Cabo Local Customs
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Are There Any Local Customs to Consider?

Too many to list.

The first thing to think about is the pace of things. Everything is sloooower outside of the US mainland. If you are in a hurry, don’t leave the US mainland.

In Mexico, it is not customary to bring you a restaurant tab until you ask for it.

It is customary to tip gas station attendants, but only a small amount as in “keep the change” (like at Starbucks or in Europe, for some of you). On the other hand, it is customary not to tip cab drivers in Mexico, but the cab drivers in Cabo are used to it because of all of the Americans that go to Cabo.

There are some odd driving practices in Mexico, like the left turn lane being on the right.

Bargaining to buy things is expected here, with some exceptions like restaurants and shopping in the mall.

You will see children selling small items like gum. The locals do not like you buying from them because they are usually being “run” by an adult such that they are typically being taken advantage of.

How Do I Pay in Los Cabos?

The currency of Mexico is the Peso. In high tourist areas, you can pay with dollars and get change in dollars. US dollars are actually the main form of currency in the downtown of Cabo San Lucas, with prices usually listed in American dollarslinstead Pesos. ATM machine dispense cash in Pesos, not dollars. Avoid the ATM machines in high tourist areas. Shops and restaurants accept credit cards as in the US. You should call before you come and tell your card company where you will be in Mexico and for how long. When paying by credit card, clearly write whether the amount is in dollars (“USD”) or pesos.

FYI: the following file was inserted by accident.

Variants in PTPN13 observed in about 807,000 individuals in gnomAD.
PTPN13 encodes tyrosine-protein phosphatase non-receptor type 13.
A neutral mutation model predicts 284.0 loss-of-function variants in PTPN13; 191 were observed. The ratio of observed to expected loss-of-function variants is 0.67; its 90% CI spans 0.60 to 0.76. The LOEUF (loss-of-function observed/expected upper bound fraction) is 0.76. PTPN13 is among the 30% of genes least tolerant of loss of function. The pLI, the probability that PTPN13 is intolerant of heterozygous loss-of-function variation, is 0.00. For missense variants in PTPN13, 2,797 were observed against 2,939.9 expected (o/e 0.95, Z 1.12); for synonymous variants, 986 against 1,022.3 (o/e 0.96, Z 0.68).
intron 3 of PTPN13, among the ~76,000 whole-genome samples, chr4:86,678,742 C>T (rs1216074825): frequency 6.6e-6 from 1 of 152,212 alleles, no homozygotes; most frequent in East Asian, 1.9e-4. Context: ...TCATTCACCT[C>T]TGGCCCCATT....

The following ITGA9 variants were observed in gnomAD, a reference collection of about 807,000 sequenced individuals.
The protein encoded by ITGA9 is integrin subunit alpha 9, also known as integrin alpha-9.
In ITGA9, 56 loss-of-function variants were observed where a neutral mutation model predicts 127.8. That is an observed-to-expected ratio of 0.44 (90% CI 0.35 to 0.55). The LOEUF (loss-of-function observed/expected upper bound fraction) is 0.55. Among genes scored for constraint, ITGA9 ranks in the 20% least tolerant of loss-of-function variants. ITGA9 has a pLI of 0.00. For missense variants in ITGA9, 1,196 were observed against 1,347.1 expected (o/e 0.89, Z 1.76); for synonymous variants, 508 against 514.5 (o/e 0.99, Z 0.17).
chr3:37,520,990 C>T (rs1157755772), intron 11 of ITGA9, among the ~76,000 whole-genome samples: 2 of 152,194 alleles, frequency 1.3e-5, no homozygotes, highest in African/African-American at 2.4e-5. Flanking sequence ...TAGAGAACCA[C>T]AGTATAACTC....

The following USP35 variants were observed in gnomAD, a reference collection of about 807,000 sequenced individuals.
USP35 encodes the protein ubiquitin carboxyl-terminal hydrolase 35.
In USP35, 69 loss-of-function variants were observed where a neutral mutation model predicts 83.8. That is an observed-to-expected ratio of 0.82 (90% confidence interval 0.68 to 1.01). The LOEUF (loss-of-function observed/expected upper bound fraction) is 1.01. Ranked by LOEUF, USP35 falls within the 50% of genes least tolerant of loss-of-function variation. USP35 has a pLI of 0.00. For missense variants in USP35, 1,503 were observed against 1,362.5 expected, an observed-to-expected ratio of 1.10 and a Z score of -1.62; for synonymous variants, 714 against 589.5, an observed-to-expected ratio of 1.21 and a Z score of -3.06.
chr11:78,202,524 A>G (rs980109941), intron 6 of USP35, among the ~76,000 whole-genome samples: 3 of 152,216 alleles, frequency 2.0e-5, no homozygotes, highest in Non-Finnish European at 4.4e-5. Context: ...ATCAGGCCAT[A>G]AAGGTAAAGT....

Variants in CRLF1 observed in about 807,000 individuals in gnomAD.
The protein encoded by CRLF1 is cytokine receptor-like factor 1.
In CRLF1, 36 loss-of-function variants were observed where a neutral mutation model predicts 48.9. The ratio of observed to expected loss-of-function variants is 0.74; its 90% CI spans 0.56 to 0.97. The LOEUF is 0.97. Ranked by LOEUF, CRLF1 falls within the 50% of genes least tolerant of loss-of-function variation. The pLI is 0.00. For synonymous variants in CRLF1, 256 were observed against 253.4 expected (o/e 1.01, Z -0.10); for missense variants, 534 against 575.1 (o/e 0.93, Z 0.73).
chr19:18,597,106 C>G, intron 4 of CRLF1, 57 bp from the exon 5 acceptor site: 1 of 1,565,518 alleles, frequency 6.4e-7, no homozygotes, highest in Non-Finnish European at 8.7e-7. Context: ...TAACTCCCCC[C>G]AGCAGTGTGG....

When paying in dollars and getting change in Pesos, exchange rates tend to fluctuate from place to place. As with the rest of the world, a common tourist problem in Cabo is short changing of tourists. Most short changing is done when you pay in dollars and getting change in Pesos. You can always ask for your change in dollars in advance. Mexican gas stations are notorious for short changing of tourists. Mexican gas stations are full service. It is traditional to tip the attendant, but not the usual US tip; a real tip, as in “keep the change.” If you pay in dollars, do not expect change in dollars at gas stations . The best way to avoid short changing at gas stations is to pay for gas in pesos.

Can I Drink the Water in Los Cabos?

When you look at a map, it is at once obvious that Cabo is not connected to mainland Mexico, nor even close to much anything else. It is not the same water supply as the rest of Mexico. Also, a major source of water in Cabo is desalinization. The water is generally safe, but there can be occasional concern over the source of delivery.

The water is safe in all of the major hotels and tourist locations. Most of the major hotels have there own desal plants.

Bottled water is readily available.

Can I Speak English in Cabo?

Spanish is the language in Mexico, or at least the Mexican version of it. With exceptions, English is spoken in the tourist areas of Cabo San Lucas by most, including in the downtown shops and restaurants. Fluency in English tends to be related to pay grade, so, for instance, the maitre d’ and the waiters will typically speak English while busboys and cleaning staff typically will not (just like in the Southern California!). There are some odd exceptions. The car rental agency offices a the airport all have English speakers, but the local car rental offices sometimes don’t. Gate security, even at hotels, don’t always have English speakers, which seems to be fixed by waiving through gringos.

If you are adventuresome and want to travel outside of the tourist areas, you probably should have a Spanish speaker with you.